And while the hikes average about a dozen participants, some have drawn as many as 40. At the beginning of each, the hikers are asked to say where they are from and what congregation, if any. Some have been invited by friends, adding a light evangelical element to the hikes.

“I think people are more prone to bring their friends on a Holy Hike than they are to a church,” Cannon said.

Worshipers walk the labyrinth at Lands End in San Francisco during a Holy Hike service. Photo: Holy Hikes

San Francisco’s Lands End in the Golden Gate National Recreation Area is a favorite destination among Holy Hikers because it is close to the ocean. The group hikes out a mile and a quarter to a stone labyrinth overlooking the waves and surf.

“It’s just breathtaking,” Cannon said.

One of the unique aspects of Holy Hikes is the sermon: Silence. Instead of a preacher addressing the congregation, the hikers are encouraged to wander quietly for 10 to 20 minutes so they can experience nature and let God speak to them through the trees, flowers, animals, rocks or waterfalls.

“I just tell people, here is the Earth, and God’s spirit is above and through all God’s creation. … May this be a time for the Earth to speak to you and minister to you,” Cannon said. After the group comes back together, everyone is encouraged to share some of their “silence sermons.”

“That’s my favorite part,” he said. “It’s always amazing to hear from people what their experience of that hike is.”

It’s an experience that can be felt anywhere, which is why Cannon has been helping other Episcopalians start their own monthly hiking groups in places like northern Wisconsin, central Pennsylvania, northeast Ohio, southern Indiana, Vermont and West Virginia.

Hawkins’ chapter in South Carolina is the newest. Its first Holy Hike last month was led by the Rev. Furman Buchanan and drew two dozen participants. The next is planned for May 19 at Paris Mountain State Park.

Hawkins was raised Methodist, and her husband was Baptist. Several years ago, they began looking for a new congregation to call their own and found a home in the Episcopal Church, partly because of its emphasis on preserving God’s creation, she said.

After working for a couple years in Key West, Florida, Hawkins settled with her husband in Greenville, and in February 2017 she retired from her customer service job at Southwest Airlines to spend more time pursuing her interest in the outdoors and outdoor education.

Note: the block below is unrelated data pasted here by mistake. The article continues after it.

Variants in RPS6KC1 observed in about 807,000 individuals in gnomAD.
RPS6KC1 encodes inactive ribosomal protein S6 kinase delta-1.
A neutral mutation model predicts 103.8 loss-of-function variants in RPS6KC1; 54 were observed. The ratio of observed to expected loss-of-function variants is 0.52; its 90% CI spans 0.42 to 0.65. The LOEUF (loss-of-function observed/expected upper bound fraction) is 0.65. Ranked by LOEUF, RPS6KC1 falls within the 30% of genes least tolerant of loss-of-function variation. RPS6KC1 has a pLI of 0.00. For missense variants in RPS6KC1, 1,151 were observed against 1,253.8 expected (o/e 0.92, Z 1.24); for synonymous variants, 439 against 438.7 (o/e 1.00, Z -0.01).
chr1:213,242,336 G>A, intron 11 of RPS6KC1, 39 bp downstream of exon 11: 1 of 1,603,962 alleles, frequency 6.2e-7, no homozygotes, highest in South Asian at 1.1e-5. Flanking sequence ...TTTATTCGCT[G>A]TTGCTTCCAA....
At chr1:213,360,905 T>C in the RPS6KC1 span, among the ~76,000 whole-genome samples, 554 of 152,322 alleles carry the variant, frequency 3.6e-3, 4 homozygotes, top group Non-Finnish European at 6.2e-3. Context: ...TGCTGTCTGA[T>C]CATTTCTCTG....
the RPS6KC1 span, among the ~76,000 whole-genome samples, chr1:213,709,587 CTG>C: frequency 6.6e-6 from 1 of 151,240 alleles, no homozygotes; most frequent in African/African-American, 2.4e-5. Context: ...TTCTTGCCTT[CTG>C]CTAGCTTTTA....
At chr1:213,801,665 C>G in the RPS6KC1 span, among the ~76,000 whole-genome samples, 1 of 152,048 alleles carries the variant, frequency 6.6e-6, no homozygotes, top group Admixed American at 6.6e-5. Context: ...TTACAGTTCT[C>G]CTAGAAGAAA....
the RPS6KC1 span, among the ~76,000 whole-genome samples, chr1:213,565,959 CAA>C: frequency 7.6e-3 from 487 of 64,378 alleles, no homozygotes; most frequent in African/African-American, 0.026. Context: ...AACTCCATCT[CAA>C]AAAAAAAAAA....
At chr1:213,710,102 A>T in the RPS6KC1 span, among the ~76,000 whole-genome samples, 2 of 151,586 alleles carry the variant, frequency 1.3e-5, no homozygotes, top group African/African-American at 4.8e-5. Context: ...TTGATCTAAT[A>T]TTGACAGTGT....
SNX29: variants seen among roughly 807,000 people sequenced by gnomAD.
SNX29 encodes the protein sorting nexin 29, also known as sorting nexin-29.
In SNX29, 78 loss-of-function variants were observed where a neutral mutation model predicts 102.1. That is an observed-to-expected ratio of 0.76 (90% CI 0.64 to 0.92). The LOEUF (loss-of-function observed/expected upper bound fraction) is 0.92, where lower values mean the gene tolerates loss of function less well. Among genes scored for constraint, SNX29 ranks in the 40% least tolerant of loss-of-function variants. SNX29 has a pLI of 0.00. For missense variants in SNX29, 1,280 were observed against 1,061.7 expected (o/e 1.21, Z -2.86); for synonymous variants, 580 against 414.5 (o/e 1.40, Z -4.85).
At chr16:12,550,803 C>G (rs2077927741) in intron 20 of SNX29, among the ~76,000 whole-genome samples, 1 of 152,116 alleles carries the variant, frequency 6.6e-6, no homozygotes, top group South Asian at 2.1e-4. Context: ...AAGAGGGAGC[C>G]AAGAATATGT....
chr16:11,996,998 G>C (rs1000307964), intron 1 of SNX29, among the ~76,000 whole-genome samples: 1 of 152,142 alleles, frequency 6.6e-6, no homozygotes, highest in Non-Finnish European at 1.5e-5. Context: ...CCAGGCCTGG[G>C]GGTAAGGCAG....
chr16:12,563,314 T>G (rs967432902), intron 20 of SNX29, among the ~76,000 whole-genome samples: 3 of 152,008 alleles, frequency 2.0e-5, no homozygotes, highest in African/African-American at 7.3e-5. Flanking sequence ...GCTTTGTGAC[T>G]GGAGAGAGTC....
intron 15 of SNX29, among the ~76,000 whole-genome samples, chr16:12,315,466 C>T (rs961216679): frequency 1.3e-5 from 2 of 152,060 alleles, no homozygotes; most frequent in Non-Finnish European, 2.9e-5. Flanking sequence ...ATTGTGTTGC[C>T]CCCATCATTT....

The time was right for her to start a local Holy Hikes chapter.

Cannon helped Hawkins step by step with details like picking liturgies, getting approval from the vestry and setting up a Facebook page for the chapter. “I couldn’t have done it without him,” she said.

Two dozen people joined the inaugural hike of Holy Hikes Upper South Carolina in Greenville. Photo: Holy Hikes Upper South Carolina, via Facebook.

Now that her chapter’s hikes have begun, Hawkins’ voice readily conveys her excitement about the ministry. Like Cannon, she appreciates how it combines her twin passions for faith and nature.

“When I’m outside I can truly see the majesty and the amazement of God out there the creation,” she said. In something as common as the variety and complexity of the wildflowers on the trail, “I see and feel the presence of God.”

– David Paulsen is an editor and reporter for the Episcopal News Service. He can be reached at dpaulsen@episcopalchurch.org.

Western Kansas elects local priest to be next bishop

Mon, 05/07/2018 - 12:43pm

The Rev. Mark Cowell

[Episcopal News Service] The Diocese of Western Kansas elected the Rev. Mark Cowell on May 5 to be its sixth bishop.

Cowell, a lawyer who once prosecuted gang members in Dodge City, Kansas, is the vicar of St. Mary and St. Martha of Bethany in Larned, Kansas, and Holy Nativity, Kinsley. He still works part time as Dodge City’s municipal prosecutor and was just elected to his second term as the Hodgeman County attorney, according to his biography here.